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Canadian Urbanism Uncovered

Cyclists have the best racks

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HALIFAX – Toasters, grids, hangers and racks. No, I’m not creating a list of appliances I’m hoping to get for Christmas. All of these words are used to define different bike rack options available to developers of public and private spaces.

It seems more and more evident that while designing spaces these days—be they public, residential, commercial or industrial — issues surrounding parking are always an afterthought to planners and architects. Instead of hiding vast parking lots underground, we are left with oceans of concrete behind malls and grocery stores, or seas of asphalt that surround apartment building’s like 21st century moats. What’s worse is that parking options for cyclists are quickly thrown into building plans with no regard for the needs of the population they are supporting. As a result, we are left with pieces of infrastructure that are inefficient, frustrating and sometimes a downright hazard to our rides! So what makes a good parking spot for bicycles?

Andrew Hayes, infrastructure director for the Halifax Cycling Coalition indicates that there are three main criteria that make excellent bike parking spots: contact, shelter and location. “As far as contact is concerned,” Hayes explains, “having two points of contact is key. Not only does this provide stability to your bike, but it gives you more places to lock your frame to the rack, which increases security.” Shelter is another consideration expanded on by Hayes: “You are more likely to need a tune up more often if your bike is exposed to the elements.” Adding a roof over a bike rack provides a degree of shelter to your ride that reduces wear, tear and rusting. When it comes to location, Hayes indicates “the worst places for bikes to be parked is out of sight from their owners or pedestrian traffic.” Yet finding a bike rack tucked away in an alley beside a business is not an uncommon observation when cruising down the streets of Halifax.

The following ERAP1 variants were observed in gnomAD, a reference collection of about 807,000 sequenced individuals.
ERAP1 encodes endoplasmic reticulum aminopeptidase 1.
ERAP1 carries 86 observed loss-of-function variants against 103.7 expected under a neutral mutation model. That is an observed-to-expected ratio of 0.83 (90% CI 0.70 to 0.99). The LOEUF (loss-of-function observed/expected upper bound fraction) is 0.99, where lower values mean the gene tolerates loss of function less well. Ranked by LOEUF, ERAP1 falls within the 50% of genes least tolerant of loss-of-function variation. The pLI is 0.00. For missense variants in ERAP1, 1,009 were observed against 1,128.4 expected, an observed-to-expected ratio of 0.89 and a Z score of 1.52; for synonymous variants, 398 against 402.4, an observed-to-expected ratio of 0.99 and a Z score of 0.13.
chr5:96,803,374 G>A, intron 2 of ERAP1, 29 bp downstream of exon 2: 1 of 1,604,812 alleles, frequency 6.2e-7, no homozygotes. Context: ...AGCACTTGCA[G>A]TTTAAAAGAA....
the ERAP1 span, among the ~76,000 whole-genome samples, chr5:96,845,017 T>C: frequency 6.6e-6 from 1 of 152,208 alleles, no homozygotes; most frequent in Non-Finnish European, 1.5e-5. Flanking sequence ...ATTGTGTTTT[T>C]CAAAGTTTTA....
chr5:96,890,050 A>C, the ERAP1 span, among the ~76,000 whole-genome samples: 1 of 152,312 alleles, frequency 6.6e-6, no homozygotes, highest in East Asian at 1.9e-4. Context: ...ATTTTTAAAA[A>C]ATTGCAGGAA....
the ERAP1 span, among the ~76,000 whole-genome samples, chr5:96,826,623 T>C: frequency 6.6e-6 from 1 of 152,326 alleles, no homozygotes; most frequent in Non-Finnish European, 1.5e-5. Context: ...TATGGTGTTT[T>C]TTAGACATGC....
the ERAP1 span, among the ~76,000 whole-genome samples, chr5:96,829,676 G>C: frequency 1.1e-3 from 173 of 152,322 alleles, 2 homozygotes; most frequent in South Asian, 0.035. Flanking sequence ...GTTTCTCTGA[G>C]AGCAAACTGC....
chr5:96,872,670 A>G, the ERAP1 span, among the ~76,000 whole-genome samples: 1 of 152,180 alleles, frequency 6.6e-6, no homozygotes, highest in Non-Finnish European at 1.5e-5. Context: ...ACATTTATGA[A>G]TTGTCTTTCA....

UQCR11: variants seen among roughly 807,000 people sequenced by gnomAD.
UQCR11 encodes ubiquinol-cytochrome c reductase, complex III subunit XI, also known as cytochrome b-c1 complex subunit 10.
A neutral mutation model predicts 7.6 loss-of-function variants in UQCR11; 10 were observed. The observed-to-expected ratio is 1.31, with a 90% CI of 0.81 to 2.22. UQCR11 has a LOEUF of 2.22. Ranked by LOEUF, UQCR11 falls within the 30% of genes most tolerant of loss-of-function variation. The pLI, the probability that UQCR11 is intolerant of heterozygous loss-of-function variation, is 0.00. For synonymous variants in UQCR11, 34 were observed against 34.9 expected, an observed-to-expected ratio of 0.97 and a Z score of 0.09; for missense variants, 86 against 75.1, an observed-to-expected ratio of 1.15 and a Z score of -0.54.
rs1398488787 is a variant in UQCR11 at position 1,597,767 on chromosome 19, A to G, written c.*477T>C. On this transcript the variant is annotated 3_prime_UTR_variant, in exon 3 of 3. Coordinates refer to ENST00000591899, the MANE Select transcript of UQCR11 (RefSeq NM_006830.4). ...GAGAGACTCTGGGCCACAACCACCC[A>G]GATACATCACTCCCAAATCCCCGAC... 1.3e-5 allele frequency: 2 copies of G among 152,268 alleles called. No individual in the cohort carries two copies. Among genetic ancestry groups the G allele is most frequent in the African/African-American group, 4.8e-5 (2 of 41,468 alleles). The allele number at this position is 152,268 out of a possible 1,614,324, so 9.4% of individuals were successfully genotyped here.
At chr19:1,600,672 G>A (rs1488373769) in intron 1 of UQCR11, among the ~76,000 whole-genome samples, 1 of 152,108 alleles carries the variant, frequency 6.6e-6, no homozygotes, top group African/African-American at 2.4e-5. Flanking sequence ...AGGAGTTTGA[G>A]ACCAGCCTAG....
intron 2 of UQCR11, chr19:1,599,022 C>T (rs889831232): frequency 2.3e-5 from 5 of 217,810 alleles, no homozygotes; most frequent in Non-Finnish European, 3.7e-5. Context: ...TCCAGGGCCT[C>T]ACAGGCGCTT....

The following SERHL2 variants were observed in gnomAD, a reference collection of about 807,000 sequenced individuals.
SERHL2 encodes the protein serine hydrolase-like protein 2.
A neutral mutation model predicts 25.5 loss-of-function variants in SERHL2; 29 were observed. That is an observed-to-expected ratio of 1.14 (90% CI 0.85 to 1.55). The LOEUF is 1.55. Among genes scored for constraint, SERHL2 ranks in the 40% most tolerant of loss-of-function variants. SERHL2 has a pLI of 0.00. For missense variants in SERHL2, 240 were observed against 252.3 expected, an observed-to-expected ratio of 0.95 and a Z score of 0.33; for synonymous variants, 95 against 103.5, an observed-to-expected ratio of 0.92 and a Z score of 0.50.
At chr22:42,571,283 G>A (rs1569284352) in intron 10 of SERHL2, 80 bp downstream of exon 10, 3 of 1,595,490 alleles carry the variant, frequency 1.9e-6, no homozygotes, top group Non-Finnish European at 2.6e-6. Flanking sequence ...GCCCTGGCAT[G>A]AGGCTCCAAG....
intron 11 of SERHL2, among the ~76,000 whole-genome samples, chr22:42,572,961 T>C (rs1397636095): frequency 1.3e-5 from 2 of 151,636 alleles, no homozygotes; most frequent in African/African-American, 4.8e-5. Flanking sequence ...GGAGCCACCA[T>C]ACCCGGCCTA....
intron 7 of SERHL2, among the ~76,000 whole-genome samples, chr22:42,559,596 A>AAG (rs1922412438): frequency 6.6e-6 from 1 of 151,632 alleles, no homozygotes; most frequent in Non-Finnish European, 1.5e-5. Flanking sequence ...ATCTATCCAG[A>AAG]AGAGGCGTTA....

Although bike parking isn’t all it’s cracked up to be, it’s getting better. New policies are in place stating that developers have to provide a certain amount of on-site bike parking, dependent on the square footage of new buildings. Business owners have also taken it upon themselves to provide bike parking to their velocipedal clientele. But how do we encourage building owners to update and upgrade the bike parking they have already?

Join Spacing Atlantic next week as the Halifax Cycling Coalition tries to answer this question.

photo by Jake Schabas


One comment

  1. The City of Toronto put together a helpful guide to installing bike parking. It has clear examples (with pictures!) of good and bad bike rack installations.

    I wish people would read that guide or something similar before they put in their bike racks. I get the sense that a lot of racks are installed by people who never ride a bicycle. Why else would they install them where they do?